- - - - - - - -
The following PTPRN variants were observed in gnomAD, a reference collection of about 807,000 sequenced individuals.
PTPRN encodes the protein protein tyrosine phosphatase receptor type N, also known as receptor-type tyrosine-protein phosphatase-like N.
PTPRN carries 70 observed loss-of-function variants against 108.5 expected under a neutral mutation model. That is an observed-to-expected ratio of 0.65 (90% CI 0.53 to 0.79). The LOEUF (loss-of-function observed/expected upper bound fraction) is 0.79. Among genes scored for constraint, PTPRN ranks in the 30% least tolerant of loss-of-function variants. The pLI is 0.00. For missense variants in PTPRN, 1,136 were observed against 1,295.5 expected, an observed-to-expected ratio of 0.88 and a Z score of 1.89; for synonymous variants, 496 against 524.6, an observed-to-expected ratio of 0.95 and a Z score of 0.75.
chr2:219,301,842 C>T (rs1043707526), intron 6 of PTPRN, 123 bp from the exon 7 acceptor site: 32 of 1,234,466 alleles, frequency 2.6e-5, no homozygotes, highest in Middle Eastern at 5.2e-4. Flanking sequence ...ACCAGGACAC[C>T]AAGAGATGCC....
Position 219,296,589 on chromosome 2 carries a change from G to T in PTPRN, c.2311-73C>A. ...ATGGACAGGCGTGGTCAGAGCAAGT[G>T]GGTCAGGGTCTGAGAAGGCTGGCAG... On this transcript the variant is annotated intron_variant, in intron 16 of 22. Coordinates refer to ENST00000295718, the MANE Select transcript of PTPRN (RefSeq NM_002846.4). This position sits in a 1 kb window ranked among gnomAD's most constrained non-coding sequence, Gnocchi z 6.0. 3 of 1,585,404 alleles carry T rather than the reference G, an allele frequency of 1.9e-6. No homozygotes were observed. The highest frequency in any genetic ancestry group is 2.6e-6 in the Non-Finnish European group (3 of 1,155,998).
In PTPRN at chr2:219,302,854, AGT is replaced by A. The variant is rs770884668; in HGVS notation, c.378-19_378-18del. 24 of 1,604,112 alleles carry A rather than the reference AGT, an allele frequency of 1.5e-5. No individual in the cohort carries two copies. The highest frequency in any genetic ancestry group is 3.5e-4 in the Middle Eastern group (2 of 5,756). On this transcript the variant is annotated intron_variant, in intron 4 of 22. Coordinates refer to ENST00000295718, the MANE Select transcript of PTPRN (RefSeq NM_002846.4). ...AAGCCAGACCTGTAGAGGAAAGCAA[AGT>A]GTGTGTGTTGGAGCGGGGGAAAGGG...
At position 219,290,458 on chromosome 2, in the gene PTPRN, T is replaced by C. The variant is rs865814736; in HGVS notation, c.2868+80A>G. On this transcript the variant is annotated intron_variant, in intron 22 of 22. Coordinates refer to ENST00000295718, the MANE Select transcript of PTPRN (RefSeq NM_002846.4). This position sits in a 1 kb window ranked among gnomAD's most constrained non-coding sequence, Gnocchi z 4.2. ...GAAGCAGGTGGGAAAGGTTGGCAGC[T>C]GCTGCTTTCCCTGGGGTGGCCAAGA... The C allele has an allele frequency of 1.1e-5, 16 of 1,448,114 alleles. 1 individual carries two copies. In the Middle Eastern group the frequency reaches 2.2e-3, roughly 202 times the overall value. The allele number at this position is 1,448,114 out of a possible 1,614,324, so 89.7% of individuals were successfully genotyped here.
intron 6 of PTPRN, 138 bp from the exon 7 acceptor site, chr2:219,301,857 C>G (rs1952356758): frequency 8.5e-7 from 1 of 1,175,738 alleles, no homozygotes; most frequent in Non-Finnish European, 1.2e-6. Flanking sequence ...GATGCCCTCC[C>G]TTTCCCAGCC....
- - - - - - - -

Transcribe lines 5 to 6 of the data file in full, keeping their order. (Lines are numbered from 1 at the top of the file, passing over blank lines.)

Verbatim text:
Position 219,296,589 on chromosome 2 carries a change from G to T in PTPRN, c.2311-73C>A. ...ATGGACAGGCGTGGTCAGAGCAAGT[G>T]GGTCAGGGTCTGAGAAGGCTGGCAG... On this transcript the variant is annotated intron_variant, in intron 16 of 22. Coordinates refer to ENST00000295718, the MANE Select transcript of PTPRN (RefSeq NM_002846.4). This position sits in a 1 kb window ranked among gnomAD's most constrained non-coding sequence, Gnocchi z 6.0. 3 of 1,585,404 alleles carry T rather than the reference G, an allele frequency of 1.9e-6. No homozygotes were observed. The highest frequency in any genetic ancestry group is 2.6e-6 in the Non-Finnish European group (3 of 1,155,998).
In PTPRN at chr2:219,302,854, AGT is replaced by A. The variant is rs770884668; in HGVS notation, c.378-19_378-18del. 24 of 1,604,112 alleles carry A rather than the reference AGT, an allele frequency of 1.5e-5. No individual in the cohort carries two copies. The highest frequency in any genetic ancestry group is 3.5e-4 in the Middle Eastern group (2 of 5,756). On this transcript the variant is annotated intron_variant, in intron 4 of 22. Coordinates refer to ENST00000295718, the MANE Select transcript of PTPRN (RefSeq NM_002846.4). ...AAGCCAGACCTGTAGAGGAAAGCAA[AGT>A]GTGTGTGTTGGAGCGGGGGAAAGGG...